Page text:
I couldn't believe it when I opened my cellular bill - another rate bump. Calling them rewarded me with a long wait and then with the usual run-around "we changed the plan structure and the plan you had now no longer exists so we put you in this new more expensive plan, tough cookies if you don't like it, blah blah blah". Ah, AT&T's well-earned reputation rears its ugly head yet again, no surprises there. Lance had been bugging me for some time to switch to Google Fi so we'd be global internet access-ready but I'd been resisting because AT&T's coverage in the US is fairly reliable, because I'm somewhat reluctant to accept change, and most of all because I had concerns that Google's coverage wouldn't be as good. Well, there's nothing like a little righteous anger to force me into change, so a few keystrokes later my Google Fi Pixel phone was winging its way to me.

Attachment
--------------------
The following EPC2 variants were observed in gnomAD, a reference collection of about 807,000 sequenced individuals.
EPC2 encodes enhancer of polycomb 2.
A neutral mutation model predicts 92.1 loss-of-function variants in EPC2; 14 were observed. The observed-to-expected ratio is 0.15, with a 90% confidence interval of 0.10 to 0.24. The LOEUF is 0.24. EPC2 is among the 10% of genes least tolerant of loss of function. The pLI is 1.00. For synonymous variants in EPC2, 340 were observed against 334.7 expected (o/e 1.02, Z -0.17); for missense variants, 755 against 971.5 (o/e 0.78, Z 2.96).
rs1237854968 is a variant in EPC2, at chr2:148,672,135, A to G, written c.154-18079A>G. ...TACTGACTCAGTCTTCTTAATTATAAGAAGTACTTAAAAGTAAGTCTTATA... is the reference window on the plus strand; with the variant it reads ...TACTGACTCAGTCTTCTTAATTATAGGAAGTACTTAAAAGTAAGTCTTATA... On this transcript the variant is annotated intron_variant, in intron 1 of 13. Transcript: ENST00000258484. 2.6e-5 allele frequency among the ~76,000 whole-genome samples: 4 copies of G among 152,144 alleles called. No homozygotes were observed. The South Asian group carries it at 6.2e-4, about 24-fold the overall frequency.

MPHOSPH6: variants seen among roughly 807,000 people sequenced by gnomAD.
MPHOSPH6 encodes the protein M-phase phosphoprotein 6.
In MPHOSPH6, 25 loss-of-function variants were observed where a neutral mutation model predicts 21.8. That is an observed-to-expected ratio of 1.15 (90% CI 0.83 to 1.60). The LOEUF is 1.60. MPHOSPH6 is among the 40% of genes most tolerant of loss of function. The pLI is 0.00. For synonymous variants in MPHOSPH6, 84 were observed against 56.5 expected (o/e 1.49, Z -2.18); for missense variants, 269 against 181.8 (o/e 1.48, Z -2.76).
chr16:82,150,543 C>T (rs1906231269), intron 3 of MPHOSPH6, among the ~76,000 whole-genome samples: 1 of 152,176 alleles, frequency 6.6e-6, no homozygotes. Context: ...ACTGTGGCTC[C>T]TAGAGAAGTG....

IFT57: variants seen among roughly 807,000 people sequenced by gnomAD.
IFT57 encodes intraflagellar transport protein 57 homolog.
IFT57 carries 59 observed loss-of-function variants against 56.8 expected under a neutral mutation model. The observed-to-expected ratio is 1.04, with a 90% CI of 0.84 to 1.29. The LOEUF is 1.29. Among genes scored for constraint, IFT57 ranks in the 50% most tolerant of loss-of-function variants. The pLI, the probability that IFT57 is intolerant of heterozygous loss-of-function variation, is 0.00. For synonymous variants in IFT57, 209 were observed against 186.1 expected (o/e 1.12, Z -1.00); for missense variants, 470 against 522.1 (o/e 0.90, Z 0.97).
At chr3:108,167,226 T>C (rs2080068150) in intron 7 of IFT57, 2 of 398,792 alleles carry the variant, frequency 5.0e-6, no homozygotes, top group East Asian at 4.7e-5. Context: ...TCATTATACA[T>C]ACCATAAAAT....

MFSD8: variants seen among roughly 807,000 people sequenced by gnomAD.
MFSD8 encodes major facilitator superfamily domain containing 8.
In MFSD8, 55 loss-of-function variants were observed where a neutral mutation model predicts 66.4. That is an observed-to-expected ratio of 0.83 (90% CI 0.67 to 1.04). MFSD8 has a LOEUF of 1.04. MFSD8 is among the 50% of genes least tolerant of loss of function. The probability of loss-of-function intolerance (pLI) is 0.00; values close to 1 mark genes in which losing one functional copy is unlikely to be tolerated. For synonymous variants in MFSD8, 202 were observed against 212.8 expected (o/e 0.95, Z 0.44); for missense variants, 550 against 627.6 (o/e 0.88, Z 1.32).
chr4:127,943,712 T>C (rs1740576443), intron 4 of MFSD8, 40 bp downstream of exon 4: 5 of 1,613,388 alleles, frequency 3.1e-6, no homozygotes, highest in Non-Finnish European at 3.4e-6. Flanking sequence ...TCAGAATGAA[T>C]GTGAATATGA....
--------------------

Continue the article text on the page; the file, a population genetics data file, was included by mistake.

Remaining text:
For about three weeks I had AT&T coverage on the iPad and coverage from Google Fi on the new phone and so I did daily speed comparisons while we moved around the Delta Loop and Gold Country of California, and was shocked to find that in EVERY single comparison the Google Fi internet was faster. So I let the iPad subscription expire too - goodbye and good riddance AT&T, you've darkened my door for the very last time. Best of all I'm spending almost $50/month less for superior speeds, even including the financed cost (at 0% interest) of the new phone. The phone they provided is a world-wide internet ready Pixel 3, and a happy surprise was the quality of the phone's camera.

Chloe at Nevada Beach (South Lake Tahoe), shot with Pixel phone on "portrait" setting.